"On February 16, 2007, Wade Waters took over the University Neighborhood Middle School on the Lower East Side of Manhattan for the day. We spoke to the 6-8th graders about a variety of topics, including education, hip hop, and the creative process. At the end of the day, we put on a show for the whole school in the auditorium.Though "Movement Music" isn't the most revolutionary or well produced video we've ever seen, it's an interesting look at hip-hop in light of all the negative publicity the industry has received of late. In fact it's the description by Wade Waters that accompanies the video which really sheds light on its value. While Anderson Cooper and Camron' discuss the depressing realities of inner city America, it's equally important to recognize the progress and hope that still exists. What we see in the halls of this Manhattan middle school are posters questioning the use of the "n" word and children who seem genuinely happy, not to mention artists who take a real interest in inspiring these kids.
As much as I've personally lamented the condition of the American public school system, my experience at UNMS really gave me hope for the future. The faculty at UNMS is passionate and dedicated and the students were remarkable. In many cases, the students steered our conversations in directions we would have never thought to go, and I think we all took something away from the interaction."
- Wade Waters
Anyone whose experienced life in inner-city America firsthand or seen season four of HBO's The Wire (maybe the greatest single season of television ever), knows that kids who grow up around crime and violence are indoctrinated into a mentality of fear from an early age - and changing that way of thinking can be near impossible. Just watch these kids talk about "snitching" on 60 minutes, and you'll see how deeply they buy into the "code" of drug dealing - via hip-hop. But both The Wire, and to a lesser extent "Movement Music," realize that the education system plays just as vital role in the lives of these young people as the music they listen to.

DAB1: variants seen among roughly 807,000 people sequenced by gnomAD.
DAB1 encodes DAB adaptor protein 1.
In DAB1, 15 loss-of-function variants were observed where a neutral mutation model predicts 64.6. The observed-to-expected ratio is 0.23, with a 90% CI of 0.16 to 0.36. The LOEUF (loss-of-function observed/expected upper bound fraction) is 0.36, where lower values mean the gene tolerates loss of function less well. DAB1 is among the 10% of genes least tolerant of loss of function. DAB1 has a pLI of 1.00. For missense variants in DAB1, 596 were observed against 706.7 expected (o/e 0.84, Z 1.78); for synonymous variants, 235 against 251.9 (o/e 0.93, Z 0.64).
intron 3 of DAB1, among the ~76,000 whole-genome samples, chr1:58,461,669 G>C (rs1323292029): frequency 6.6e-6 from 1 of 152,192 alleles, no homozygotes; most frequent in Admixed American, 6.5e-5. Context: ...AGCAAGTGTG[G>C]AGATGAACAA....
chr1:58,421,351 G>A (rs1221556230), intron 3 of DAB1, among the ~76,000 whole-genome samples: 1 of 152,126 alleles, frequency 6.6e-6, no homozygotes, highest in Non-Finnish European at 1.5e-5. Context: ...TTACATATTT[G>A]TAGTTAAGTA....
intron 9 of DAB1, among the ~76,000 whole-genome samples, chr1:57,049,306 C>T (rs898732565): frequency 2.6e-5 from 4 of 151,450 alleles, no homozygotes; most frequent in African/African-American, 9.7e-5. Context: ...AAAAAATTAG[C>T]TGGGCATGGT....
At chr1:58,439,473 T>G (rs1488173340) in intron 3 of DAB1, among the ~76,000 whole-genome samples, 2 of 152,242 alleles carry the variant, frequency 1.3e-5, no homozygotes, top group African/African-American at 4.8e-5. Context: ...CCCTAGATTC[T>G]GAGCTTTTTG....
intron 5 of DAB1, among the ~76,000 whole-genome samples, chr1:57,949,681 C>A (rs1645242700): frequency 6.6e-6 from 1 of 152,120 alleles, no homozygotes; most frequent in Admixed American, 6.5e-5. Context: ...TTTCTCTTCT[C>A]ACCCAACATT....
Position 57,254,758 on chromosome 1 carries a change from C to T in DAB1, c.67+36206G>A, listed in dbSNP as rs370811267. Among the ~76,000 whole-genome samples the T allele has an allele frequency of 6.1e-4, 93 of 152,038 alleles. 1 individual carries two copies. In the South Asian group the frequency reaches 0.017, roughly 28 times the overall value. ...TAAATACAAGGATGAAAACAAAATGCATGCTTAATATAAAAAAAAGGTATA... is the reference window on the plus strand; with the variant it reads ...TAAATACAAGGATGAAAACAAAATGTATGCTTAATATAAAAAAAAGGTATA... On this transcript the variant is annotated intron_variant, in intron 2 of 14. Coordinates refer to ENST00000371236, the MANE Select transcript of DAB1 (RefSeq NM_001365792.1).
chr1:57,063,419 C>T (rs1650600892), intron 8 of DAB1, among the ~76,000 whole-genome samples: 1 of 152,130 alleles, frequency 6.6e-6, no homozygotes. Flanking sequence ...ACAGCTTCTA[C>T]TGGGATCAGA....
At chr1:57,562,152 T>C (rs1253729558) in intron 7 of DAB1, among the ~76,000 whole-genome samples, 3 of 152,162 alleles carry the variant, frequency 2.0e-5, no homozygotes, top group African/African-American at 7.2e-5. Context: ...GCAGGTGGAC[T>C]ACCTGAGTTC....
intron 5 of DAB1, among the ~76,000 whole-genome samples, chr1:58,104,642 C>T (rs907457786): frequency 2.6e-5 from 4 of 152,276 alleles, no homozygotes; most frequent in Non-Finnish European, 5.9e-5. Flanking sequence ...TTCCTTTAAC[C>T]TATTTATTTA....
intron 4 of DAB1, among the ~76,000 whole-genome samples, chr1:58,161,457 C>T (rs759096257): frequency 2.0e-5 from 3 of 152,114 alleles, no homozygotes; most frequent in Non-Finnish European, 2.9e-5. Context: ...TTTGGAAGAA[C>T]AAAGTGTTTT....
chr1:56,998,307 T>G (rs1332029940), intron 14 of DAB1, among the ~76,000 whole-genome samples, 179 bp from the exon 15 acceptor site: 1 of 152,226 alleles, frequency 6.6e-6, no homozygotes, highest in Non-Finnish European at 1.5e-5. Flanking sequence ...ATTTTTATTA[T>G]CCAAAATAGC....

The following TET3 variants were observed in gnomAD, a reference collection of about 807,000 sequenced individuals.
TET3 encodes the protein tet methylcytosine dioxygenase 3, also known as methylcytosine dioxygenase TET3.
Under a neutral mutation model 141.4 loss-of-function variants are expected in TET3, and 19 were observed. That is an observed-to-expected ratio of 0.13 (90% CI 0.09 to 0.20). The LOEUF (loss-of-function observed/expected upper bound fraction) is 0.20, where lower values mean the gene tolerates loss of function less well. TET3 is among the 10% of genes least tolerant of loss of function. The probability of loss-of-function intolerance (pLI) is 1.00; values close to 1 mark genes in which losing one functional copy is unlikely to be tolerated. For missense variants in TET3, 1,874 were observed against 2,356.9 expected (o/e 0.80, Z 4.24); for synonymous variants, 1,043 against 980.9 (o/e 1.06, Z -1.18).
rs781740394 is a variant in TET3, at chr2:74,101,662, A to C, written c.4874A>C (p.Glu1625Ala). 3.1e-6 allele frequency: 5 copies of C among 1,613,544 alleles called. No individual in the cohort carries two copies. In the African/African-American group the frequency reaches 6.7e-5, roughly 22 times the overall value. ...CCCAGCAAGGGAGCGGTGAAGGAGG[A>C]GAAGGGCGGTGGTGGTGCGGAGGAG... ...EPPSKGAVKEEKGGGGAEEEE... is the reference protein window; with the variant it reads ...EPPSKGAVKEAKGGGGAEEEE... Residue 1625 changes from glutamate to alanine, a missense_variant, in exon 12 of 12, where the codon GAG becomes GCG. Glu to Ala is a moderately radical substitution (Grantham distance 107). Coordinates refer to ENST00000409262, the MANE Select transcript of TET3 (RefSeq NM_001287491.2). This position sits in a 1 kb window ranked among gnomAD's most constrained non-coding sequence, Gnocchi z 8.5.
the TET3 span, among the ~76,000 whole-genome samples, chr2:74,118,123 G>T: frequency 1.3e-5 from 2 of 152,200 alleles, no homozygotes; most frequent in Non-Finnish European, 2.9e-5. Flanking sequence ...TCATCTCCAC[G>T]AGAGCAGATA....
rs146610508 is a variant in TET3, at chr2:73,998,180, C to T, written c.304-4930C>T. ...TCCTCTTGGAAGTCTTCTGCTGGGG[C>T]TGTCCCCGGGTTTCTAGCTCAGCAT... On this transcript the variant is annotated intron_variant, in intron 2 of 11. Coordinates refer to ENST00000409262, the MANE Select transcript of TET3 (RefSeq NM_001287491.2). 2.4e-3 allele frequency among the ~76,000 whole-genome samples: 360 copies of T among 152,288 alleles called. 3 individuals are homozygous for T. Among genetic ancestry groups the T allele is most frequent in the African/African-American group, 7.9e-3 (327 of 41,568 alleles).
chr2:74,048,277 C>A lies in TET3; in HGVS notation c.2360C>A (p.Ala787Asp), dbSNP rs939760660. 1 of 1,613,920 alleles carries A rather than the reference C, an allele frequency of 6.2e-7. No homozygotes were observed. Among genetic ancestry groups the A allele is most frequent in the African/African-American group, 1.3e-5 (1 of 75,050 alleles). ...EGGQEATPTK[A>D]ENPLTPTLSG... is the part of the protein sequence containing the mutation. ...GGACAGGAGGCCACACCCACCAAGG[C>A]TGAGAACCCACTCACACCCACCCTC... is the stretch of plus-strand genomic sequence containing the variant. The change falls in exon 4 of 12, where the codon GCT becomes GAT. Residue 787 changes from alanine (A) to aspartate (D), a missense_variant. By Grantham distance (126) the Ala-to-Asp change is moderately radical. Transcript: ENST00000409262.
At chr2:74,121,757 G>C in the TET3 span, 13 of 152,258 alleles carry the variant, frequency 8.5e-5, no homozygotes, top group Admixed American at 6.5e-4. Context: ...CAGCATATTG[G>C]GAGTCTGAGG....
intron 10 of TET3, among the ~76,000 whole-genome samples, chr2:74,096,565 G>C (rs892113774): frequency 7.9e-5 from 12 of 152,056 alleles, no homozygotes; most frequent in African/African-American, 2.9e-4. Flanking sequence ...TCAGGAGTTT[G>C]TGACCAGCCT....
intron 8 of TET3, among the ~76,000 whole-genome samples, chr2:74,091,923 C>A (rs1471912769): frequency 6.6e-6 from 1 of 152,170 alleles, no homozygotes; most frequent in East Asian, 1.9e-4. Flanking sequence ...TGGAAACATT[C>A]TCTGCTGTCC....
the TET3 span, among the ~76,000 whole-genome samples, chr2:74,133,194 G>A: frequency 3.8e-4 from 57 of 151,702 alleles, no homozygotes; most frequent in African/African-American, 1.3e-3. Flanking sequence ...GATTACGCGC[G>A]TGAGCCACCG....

Suppressing the influence of the misogyny and fear that we find in some hip-hop music is no doubt a near impossible task (and one has to question whether suppression is really the answer), and forcing rappers to switch to a more positive message will prove even harder (let's face it, Wade Waters isn't nearly on the level of T.I. or Lil' Wayne). It would also be contrary to their artistic spirit - the appeal of many of the best hip-hop artists is their ability to convey the harsh realities of their lives; which often involve misogyny, fear and violence. The key is not to pretend that everyone grows up in the same cookie-cutter way, but rather provide a hopeful counter to the paranoia and despair we find in most "offensive" hip-hop. Snoop Dogg may say "ho" and "bitch" a lot, but how many of our classes teach positivity towards women? Suddenly the American patriarchy cares about its black women?
It is possible to express growing up on the corner in a creative and positive way - many artists already do so - but it takes self-confidence and a belief that things are actually capable of changing. Imbuing society with that hope is not just the responsibility of a few musicians - it's a far more universal and difficult task. But the occasional hip-hop video does remind you that real hope still exists, no matter where you live. Now imagine MIMS making this video and airing it on MTV and BET - that would be "hot."